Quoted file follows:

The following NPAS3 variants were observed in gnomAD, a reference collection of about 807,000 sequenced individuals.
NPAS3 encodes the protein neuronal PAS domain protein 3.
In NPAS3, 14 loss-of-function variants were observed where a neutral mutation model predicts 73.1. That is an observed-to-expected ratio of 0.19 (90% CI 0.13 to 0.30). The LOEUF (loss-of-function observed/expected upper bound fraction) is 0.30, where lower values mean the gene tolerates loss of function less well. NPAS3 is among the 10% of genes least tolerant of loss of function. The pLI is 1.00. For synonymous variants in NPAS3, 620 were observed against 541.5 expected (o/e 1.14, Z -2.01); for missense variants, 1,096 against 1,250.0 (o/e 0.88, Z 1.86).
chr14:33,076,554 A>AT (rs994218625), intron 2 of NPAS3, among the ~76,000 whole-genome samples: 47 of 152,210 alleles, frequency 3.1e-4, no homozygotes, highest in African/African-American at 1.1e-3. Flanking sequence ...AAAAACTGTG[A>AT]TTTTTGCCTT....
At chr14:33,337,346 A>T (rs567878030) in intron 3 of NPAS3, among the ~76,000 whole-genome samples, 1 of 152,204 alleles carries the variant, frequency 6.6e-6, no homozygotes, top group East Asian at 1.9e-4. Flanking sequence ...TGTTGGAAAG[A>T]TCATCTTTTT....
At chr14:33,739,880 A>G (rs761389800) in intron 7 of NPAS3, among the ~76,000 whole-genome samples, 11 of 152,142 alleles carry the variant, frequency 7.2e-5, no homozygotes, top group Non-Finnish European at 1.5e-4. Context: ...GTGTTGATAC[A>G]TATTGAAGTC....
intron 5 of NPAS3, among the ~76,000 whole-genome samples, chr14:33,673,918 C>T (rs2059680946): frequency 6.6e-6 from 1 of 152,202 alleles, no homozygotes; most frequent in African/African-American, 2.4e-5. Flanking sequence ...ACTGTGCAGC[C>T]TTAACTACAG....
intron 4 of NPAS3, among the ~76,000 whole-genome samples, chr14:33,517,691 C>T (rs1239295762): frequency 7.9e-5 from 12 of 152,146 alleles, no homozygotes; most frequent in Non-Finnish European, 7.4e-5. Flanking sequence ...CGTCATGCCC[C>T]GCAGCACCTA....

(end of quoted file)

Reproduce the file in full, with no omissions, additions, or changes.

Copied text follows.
The following NPAS3 variants were observed in gnomAD, a reference collection of about 807,000 sequenced individuals.
NPAS3 encodes the protein neuronal PAS domain protein 3.
In NPAS3, 14 loss-of-function variants were observed where a neutral mutation model predicts 73.1. That is an observed-to-expected ratio of 0.19 (90% CI 0.13 to 0.30). The LOEUF (loss-of-function observed/expected upper bound fraction) is 0.30, where lower values mean the gene tolerates loss of function less well. NPAS3 is among the 10% of genes least tolerant of loss of function. The pLI is 1.00. For synonymous variants in NPAS3, 620 were observed against 541.5 expected (o/e 1.14, Z -2.01); for missense variants, 1,096 against 1,250.0 (o/e 0.88, Z 1.86).
chr14:33,076,554 A>AT (rs994218625), intron 2 of NPAS3, among the ~76,000 whole-genome samples: 47 of 152,210 alleles, frequency 3.1e-4, no homozygotes, highest in African/African-American at 1.1e-3. Flanking sequence ...AAAAACTGTG[A>AT]TTTTTGCCTT....
At chr14:33,337,346 A>T (rs567878030) in intron 3 of NPAS3, among the ~76,000 whole-genome samples, 1 of 152,204 alleles carries the variant, frequency 6.6e-6, no homozygotes, top group East Asian at 1.9e-4. Flanking sequence ...TGTTGGAAAG[A>T]TCATCTTTTT....
At chr14:33,739,880 A>G (rs761389800) in intron 7 of NPAS3, among the ~76,000 whole-genome samples, 11 of 152,142 alleles carry the variant, frequency 7.2e-5, no homozygotes, top group Non-Finnish European at 1.5e-4. Context: ...GTGTTGATAC[A>G]TATTGAAGTC....
intron 5 of NPAS3, among the ~76,000 whole-genome samples, chr14:33,673,918 C>T (rs2059680946): frequency 6.6e-6 from 1 of 152,202 alleles, no homozygotes; most frequent in African/African-American, 2.4e-5. Flanking sequence ...ACTGTGCAGC[C>T]TTAACTACAG....
intron 4 of NPAS3, among the ~76,000 whole-genome samples, chr14:33,517,691 C>T (rs1239295762): frequency 7.9e-5 from 12 of 152,146 alleles, no homozygotes; most frequent in Non-Finnish European, 7.4e-5. Flanking sequence ...CGTCATGCCC[C>T]GCAGCACCTA....